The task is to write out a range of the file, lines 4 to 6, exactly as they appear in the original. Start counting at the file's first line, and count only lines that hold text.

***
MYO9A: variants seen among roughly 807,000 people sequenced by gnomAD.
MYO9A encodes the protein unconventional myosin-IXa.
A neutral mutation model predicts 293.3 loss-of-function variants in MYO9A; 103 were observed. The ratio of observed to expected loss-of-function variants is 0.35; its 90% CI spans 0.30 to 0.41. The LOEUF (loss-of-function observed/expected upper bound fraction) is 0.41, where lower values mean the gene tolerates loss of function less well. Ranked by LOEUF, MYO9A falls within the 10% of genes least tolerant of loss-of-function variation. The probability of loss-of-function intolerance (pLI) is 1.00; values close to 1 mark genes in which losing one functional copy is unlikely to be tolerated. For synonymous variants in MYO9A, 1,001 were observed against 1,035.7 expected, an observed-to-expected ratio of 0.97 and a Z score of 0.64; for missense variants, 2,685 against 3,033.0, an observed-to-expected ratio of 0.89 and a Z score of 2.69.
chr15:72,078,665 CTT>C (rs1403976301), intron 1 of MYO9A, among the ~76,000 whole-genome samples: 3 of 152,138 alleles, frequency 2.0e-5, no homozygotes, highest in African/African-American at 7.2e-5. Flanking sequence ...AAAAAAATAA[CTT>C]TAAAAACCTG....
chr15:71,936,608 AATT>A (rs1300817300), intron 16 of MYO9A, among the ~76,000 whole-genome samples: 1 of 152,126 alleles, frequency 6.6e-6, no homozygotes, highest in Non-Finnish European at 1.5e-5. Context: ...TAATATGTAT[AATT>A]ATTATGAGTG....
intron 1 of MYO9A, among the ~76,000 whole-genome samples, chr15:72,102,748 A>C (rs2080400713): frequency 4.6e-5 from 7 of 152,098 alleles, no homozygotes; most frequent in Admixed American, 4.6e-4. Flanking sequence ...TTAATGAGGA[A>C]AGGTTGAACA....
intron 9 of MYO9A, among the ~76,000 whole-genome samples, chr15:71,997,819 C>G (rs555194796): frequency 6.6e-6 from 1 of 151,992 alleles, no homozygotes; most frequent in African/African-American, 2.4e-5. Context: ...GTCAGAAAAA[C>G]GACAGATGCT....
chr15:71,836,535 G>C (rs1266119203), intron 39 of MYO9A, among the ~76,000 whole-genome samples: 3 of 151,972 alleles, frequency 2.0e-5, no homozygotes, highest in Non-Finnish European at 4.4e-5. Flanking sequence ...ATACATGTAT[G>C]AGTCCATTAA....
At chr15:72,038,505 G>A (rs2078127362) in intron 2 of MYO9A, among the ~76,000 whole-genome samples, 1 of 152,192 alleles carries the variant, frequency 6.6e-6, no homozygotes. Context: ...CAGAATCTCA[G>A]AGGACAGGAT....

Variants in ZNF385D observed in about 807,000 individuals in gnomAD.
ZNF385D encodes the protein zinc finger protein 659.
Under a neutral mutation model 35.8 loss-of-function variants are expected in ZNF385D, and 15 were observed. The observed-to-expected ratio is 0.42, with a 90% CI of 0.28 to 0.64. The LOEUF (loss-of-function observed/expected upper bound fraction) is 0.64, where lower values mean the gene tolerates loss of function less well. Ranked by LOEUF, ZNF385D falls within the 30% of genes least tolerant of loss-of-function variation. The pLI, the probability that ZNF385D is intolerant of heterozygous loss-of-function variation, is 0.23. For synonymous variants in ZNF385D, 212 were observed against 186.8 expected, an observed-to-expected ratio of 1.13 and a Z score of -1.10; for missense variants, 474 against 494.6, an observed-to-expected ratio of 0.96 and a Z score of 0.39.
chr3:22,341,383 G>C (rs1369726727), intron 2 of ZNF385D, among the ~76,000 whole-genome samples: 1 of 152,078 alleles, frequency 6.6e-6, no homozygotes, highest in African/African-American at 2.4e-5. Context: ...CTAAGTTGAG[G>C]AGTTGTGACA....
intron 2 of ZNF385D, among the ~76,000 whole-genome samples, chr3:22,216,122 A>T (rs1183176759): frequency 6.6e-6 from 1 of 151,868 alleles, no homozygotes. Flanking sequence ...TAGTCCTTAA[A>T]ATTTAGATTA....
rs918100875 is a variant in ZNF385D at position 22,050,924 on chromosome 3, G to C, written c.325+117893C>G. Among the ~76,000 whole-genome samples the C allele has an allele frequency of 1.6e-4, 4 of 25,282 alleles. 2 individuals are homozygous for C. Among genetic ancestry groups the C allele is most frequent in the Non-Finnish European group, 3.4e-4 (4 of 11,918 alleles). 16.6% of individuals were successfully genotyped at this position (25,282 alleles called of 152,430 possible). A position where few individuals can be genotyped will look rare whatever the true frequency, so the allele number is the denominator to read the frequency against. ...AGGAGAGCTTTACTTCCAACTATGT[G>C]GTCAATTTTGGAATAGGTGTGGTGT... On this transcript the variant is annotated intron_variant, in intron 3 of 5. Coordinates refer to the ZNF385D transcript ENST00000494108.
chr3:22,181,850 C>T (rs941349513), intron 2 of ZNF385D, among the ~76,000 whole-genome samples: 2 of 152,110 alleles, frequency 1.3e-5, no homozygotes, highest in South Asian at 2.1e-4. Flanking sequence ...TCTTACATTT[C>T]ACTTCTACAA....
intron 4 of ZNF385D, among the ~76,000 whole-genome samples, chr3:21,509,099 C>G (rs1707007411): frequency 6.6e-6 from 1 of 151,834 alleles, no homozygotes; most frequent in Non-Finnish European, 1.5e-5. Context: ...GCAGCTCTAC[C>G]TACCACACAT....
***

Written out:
chr15:72,078,665 CTT>C (rs1403976301), intron 1 of MYO9A, among the ~76,000 whole-genome samples: 3 of 152,138 alleles, frequency 2.0e-5, no homozygotes, highest in African/African-American at 7.2e-5. Flanking sequence ...AAAAAAATAA[CTT>C]TAAAAACCTG....
chr15:71,936,608 AATT>A (rs1300817300), intron 16 of MYO9A, among the ~76,000 whole-genome samples: 1 of 152,126 alleles, frequency 6.6e-6, no homozygotes, highest in Non-Finnish European at 1.5e-5. Context: ...TAATATGTAT[AATT>A]ATTATGAGTG....
intron 1 of MYO9A, among the ~76,000 whole-genome samples, chr15:72,102,748 A>C (rs2080400713): frequency 4.6e-5 from 7 of 152,098 alleles, no homozygotes; most frequent in Admixed American, 4.6e-4. Flanking sequence ...TTAATGAGGA[A>C]AGGTTGAACA....